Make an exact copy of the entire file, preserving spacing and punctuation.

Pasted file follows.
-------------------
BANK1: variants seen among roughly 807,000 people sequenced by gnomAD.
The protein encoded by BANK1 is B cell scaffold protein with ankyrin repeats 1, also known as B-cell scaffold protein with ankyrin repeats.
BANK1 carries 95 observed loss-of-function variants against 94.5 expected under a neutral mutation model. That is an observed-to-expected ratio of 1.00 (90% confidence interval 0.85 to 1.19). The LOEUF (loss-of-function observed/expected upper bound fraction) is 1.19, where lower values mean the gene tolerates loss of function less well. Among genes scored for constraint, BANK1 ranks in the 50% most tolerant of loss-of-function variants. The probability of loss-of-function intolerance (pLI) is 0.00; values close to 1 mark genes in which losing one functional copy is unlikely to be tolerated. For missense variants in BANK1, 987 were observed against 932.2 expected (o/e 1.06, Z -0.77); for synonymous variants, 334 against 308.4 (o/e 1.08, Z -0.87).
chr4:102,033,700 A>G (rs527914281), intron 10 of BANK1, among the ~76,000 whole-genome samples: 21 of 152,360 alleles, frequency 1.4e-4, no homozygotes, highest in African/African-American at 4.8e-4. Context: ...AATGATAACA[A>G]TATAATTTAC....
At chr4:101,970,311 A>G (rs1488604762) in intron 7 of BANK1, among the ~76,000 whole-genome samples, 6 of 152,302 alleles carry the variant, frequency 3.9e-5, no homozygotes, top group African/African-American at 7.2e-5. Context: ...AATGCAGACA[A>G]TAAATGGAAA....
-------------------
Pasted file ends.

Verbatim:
BANK1: variants seen among roughly 807,000 people sequenced by gnomAD.
The protein encoded by BANK1 is B cell scaffold protein with ankyrin repeats 1, also known as B-cell scaffold protein with ankyrin repeats.
BANK1 carries 95 observed loss-of-function variants against 94.5 expected under a neutral mutation model. That is an observed-to-expected ratio of 1.00 (90% confidence interval 0.85 to 1.19). The LOEUF (loss-of-function observed/expected upper bound fraction) is 1.19, where lower values mean the gene tolerates loss of function less well. Among genes scored for constraint, BANK1 ranks in the 50% most tolerant of loss-of-function variants. The probability of loss-of-function intolerance (pLI) is 0.00; values close to 1 mark genes in which losing one functional copy is unlikely to be tolerated. For missense variants in BANK1, 987 were observed against 932.2 expected (o/e 1.06, Z -0.77); for synonymous variants, 334 against 308.4 (o/e 1.08, Z -0.87).
chr4:102,033,700 A>G (rs527914281), intron 10 of BANK1, among the ~76,000 whole-genome samples: 21 of 152,360 alleles, frequency 1.4e-4, no homozygotes, highest in African/African-American at 4.8e-4. Context: ...AATGATAACA[A>G]TATAATTTAC....
At chr4:101,970,311 A>G (rs1488604762) in intron 7 of BANK1, among the ~76,000 whole-genome samples, 6 of 152,302 alleles carry the variant, frequency 3.9e-5, no homozygotes, top group African/African-American at 7.2e-5. Context: ...AATGCAGACA[A>G]TAAATGGAAA....